When the information college deans from Drexel University, Syracuse University, Rutgers University and the University of Pittsburgh first met in 1988 about forming what would become the iSchools Caucus, the sudden increase in data that accompanied the computer age was still on the horizon. The PC revolution and a user-friendly Internet were not yet a reality, but information systems and computers were becoming an increasingly independent and important part of information science.
Seventeen years later, the original four colleges and 13 additional information schools formally voted to approve the iSchools Charter, all joining the cooperative effort to advance and understand the rapidly changing field. The flood of digital data in the 1990's validated the mission of iSchools Caucus (today comprised of 25 members) and reintroduced the importance of information management to the public eye.
Businesses, individuals and even the government depend on technology to function on a day-to-day basis. Internet use has grown from 16 million users in 1995 to more than 3.1 billion users in 2015.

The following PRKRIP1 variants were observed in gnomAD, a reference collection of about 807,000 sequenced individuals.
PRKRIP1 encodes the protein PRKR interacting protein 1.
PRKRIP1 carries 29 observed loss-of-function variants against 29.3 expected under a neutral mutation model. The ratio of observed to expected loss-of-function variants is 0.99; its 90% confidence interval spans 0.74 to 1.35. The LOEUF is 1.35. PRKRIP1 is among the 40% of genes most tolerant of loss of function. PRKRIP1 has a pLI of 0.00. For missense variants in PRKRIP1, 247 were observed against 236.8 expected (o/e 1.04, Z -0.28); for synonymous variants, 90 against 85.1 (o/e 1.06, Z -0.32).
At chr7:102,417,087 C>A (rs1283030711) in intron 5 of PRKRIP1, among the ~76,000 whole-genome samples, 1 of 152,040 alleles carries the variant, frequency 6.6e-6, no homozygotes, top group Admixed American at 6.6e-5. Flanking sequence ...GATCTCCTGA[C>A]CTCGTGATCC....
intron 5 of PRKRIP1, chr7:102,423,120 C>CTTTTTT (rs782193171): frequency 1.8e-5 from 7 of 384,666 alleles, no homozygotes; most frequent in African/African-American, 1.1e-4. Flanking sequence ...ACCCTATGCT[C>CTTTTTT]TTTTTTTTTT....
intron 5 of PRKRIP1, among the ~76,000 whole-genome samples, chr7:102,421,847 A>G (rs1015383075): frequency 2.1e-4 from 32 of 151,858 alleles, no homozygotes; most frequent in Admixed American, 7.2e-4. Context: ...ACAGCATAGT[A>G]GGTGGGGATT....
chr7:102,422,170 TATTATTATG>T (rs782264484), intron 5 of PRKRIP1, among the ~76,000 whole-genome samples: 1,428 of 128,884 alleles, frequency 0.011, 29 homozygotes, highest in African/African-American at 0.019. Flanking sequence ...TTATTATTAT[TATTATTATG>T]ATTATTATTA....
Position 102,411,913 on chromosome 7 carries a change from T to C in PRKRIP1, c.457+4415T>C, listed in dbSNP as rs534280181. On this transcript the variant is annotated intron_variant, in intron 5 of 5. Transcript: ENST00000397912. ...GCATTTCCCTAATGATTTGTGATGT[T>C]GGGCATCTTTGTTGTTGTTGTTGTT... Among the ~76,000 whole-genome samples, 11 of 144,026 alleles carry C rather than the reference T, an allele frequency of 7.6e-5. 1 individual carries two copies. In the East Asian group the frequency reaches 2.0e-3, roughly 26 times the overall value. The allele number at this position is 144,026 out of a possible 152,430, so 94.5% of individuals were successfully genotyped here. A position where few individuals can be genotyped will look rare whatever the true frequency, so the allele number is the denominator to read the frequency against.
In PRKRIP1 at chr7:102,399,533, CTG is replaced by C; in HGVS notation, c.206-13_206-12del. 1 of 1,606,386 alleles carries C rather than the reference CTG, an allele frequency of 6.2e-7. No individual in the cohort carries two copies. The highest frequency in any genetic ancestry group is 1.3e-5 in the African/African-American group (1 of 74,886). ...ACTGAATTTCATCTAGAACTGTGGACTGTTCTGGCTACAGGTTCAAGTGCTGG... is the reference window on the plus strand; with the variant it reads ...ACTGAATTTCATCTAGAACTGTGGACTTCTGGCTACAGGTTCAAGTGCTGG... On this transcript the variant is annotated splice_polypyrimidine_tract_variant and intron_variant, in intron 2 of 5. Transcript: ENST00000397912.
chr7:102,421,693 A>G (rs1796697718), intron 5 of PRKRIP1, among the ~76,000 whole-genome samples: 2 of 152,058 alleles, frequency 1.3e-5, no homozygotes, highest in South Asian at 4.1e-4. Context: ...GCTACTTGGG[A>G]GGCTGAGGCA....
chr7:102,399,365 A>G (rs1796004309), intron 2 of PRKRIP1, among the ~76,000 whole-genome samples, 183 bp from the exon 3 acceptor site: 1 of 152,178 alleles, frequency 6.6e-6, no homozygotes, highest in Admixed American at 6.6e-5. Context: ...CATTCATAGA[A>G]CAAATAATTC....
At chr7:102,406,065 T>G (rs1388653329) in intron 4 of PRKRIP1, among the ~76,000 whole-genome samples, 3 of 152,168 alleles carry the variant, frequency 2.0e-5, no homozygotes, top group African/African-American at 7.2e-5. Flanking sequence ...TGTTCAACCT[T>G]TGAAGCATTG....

The iSchools—made up of 65 institutions worldwide—have joined together to build awareness of, support for and involvement with the field among key constituencies, principally the media, business community, those who fund research, student prospects and users of information. The goal of the iSchools Caucus is to help people understand what the information field is and its importance to societal advancement, as well as develop the annual iConference.
In March 2016, Drexel University hosted more than 460 information scholars and professionals at the 11th iConference in Philadelphia. The conference's theme of “Partnership in Society” examined the integral roles that information science and the contemporary iSchool movement play in addressing information challenges that permeate the fabric of society. Click here to read more
For more information on the iSchools organization, please visit www.ischools.org.